Dangerous platforms

By Thomas Tracy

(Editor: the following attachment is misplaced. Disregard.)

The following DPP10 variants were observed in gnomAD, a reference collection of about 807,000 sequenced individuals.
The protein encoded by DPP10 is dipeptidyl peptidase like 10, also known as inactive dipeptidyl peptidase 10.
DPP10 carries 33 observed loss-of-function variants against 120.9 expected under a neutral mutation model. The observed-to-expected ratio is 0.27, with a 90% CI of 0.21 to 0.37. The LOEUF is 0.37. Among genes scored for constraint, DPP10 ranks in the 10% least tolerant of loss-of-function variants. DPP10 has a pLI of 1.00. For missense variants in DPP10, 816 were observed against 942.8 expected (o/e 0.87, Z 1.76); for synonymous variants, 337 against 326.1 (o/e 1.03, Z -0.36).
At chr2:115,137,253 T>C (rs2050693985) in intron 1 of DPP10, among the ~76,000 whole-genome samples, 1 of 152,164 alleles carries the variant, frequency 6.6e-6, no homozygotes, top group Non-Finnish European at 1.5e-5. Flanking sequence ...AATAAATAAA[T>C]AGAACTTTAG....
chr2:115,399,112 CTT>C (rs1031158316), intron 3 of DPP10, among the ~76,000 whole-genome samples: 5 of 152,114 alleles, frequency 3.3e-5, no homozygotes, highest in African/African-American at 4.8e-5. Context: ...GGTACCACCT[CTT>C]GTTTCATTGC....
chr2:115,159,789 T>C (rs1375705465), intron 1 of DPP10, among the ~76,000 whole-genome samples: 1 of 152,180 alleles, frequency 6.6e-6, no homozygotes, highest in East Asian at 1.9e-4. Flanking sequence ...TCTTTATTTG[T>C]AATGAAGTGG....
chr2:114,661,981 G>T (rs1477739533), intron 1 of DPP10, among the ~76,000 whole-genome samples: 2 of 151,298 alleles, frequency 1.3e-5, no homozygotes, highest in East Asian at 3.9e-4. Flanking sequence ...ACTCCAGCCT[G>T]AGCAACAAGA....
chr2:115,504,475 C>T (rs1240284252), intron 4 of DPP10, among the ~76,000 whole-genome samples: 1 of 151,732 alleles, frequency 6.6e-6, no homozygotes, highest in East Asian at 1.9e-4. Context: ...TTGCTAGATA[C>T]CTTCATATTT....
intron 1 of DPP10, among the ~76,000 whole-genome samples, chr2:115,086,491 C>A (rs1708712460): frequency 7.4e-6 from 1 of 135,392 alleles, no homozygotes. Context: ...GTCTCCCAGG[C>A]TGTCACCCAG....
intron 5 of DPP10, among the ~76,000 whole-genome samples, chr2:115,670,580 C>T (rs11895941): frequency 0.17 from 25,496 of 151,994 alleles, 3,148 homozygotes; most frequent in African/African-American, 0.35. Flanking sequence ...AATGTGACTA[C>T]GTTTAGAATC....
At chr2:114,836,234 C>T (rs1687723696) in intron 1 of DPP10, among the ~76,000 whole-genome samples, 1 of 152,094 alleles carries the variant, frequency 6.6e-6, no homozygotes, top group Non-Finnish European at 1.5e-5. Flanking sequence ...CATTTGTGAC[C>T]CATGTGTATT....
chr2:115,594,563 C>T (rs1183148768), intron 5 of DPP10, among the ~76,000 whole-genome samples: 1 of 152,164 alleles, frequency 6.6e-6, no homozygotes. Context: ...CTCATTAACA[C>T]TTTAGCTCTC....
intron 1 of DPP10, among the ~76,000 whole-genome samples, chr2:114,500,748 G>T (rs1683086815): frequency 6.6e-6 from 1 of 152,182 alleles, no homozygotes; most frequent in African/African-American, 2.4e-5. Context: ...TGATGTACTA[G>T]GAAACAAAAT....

Brooklyn’s train stations are crumbling. That was Assemblymember Dov Hikind’s assessment Monday following an unofficial inspection of hazardous conditions at subway stations in his district, which includes parts of Midwood, Flatbush, Bensonhurst and Borough Park. The survey, done by Hikind’s staffers, found holes enough to catch someone’s foot, tripping hazards, uneven patchwork repairs, peeling paint, loose grates and rotten wood at the lips of the train platform. These “deplorable safety hazards” have been found along the F line between the Avenue I and Avenue P stations, Borough Park stations along the D line, as well as the Kings Highway Q station, where a 14-year-old boy reportedly tumbled onto the tracks after the rubbing board at the edge of the platform cracked beneath him. Young Avi Katz’s plight spearheaded the train station inspections, which in turn led Hikind to fire off a letter to MTA New York City Transit Authority (NYCTA) President Howard Roberts Jr., demanding that his employees “exert more stringent safety protocols” as they maintain the borough train stations. “The MTA proudly touts 1.5 billion passengers, but if basic safety measures are ignored, there is little to be proud of,” Hikind said in a statement released with the informal inspections. “There are gaping holes in the concrete, misaligned platform edges, wooden rubbing boards are decaying and separating from the concrete platform. Where is the oversight?” Hikind is demanding that the Office of the Inspector General of the MTA investigate what he calls “widespread negligence” — before another straphanger suffers the same fate that Katz did. During a press conference at Hikind’s office a week earlier, Katz said he was at the Kings Highway station on his way home from yeshiva when the rubbing board at the edge of the platform cracked beneath him as he peered out to see if a train was coming. Katz fell forward onto the tracks and managed to jump back onto the platform before a train arrived. His yarmulke was left behind and ended up getting pancaked on the tracks, officials said. Although her child only received a few bruises, Katz’s mother was considering taking legal action against the MTA. “MTA riders must be assured that the platforms will not give way beneath them, as it did under 14-year-old Avi Katz,” Hikind said, adding that he was gratified to learn that the MTA Inspector General’s office declared that they were assessing the condition of subway platforms throughout the system. NYCTA officials contend that all 468 subway stations in the city’s transit system are inspected every other day. “The repairs made to these stations are in some cases temporary, and more are made as warranted,” a NYCTA spokesperson said. “Overall, we believe our stations are in a safe operating condition.”

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